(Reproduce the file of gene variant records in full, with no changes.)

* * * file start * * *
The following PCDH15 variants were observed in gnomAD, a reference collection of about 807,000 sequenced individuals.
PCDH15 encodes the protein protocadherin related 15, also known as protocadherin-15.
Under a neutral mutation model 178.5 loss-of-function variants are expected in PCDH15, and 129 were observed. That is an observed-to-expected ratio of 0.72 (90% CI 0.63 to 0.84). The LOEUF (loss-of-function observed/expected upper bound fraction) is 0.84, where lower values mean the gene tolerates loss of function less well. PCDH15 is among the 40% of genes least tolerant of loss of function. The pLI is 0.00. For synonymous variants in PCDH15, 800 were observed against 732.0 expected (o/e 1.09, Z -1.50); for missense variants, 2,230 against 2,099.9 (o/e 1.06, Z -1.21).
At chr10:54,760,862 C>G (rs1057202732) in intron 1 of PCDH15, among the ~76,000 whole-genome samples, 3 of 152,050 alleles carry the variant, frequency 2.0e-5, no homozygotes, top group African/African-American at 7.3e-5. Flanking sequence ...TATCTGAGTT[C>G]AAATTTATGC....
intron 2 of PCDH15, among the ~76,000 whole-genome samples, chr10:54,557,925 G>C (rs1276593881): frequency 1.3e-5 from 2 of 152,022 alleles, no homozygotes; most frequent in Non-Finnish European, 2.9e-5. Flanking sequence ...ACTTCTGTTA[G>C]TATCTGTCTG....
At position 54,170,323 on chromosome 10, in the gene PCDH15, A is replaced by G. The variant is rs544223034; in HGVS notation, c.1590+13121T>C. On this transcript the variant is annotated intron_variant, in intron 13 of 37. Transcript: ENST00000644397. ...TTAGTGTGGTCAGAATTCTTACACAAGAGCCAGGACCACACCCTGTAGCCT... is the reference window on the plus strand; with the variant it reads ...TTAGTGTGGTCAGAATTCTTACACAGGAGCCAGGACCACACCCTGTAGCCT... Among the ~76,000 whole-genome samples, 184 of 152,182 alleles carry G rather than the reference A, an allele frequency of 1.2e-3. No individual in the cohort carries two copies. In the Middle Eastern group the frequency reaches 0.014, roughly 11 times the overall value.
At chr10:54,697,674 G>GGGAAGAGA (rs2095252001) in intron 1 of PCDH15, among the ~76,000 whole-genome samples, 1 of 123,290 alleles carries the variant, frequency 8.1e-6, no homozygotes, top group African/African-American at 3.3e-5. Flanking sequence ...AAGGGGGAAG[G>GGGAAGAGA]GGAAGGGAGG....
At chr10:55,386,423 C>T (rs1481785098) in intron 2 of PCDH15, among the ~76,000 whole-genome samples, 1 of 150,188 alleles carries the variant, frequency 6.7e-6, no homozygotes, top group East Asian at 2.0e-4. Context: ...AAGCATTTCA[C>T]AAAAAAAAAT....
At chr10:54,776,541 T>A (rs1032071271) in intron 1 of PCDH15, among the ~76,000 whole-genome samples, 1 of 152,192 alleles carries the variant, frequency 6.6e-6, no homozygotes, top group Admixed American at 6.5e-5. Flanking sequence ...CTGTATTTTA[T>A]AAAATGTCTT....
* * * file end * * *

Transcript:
The following PCDH15 variants were observed in gnomAD, a reference collection of about 807,000 sequenced individuals.
PCDH15 encodes the protein protocadherin related 15, also known as protocadherin-15.
Under a neutral mutation model 178.5 loss-of-function variants are expected in PCDH15, and 129 were observed. That is an observed-to-expected ratio of 0.72 (90% CI 0.63 to 0.84). The LOEUF (loss-of-function observed/expected upper bound fraction) is 0.84, where lower values mean the gene tolerates loss of function less well. PCDH15 is among the 40% of genes least tolerant of loss of function. The pLI is 0.00. For synonymous variants in PCDH15, 800 were observed against 732.0 expected (o/e 1.09, Z -1.50); for missense variants, 2,230 against 2,099.9 (o/e 1.06, Z -1.21).
At chr10:54,760,862 C>G (rs1057202732) in intron 1 of PCDH15, among the ~76,000 whole-genome samples, 3 of 152,050 alleles carry the variant, frequency 2.0e-5, no homozygotes, top group African/African-American at 7.3e-5. Flanking sequence ...TATCTGAGTT[C>G]AAATTTATGC....
intron 2 of PCDH15, among the ~76,000 whole-genome samples, chr10:54,557,925 G>C (rs1276593881): frequency 1.3e-5 from 2 of 152,022 alleles, no homozygotes; most frequent in Non-Finnish European, 2.9e-5. Flanking sequence ...ACTTCTGTTA[G>C]TATCTGTCTG....
At position 54,170,323 on chromosome 10, in the gene PCDH15, A is replaced by G. The variant is rs544223034; in HGVS notation, c.1590+13121T>C. On this transcript the variant is annotated intron_variant, in intron 13 of 37. Transcript: ENST00000644397. ...TTAGTGTGGTCAGAATTCTTACACAAGAGCCAGGACCACACCCTGTAGCCT... is the reference window on the plus strand; with the variant it reads ...TTAGTGTGGTCAGAATTCTTACACAGGAGCCAGGACCACACCCTGTAGCCT... Among the ~76,000 whole-genome samples, 184 of 152,182 alleles carry G rather than the reference A, an allele frequency of 1.2e-3. No individual in the cohort carries two copies. In the Middle Eastern group the frequency reaches 0.014, roughly 11 times the overall value.
At chr10:54,697,674 G>GGGAAGAGA (rs2095252001) in intron 1 of PCDH15, among the ~76,000 whole-genome samples, 1 of 123,290 alleles carries the variant, frequency 8.1e-6, no homozygotes, top group African/African-American at 3.3e-5. Flanking sequence ...AAGGGGGAAG[G>GGGAAGAGA]GGAAGGGAGG....
At chr10:55,386,423 C>T (rs1481785098) in intron 2 of PCDH15, among the ~76,000 whole-genome samples, 1 of 150,188 alleles carries the variant, frequency 6.7e-6, no homozygotes, top group East Asian at 2.0e-4. Context: ...AAGCATTTCA[C>T]AAAAAAAAAT....
At chr10:54,776,541 T>A (rs1032071271) in intron 1 of PCDH15, among the ~76,000 whole-genome samples, 1 of 152,192 alleles carries the variant, frequency 6.6e-6, no homozygotes, top group Admixed American at 6.5e-5. Flanking sequence ...CTGTATTTTA[T>A]AAAATGTCTT....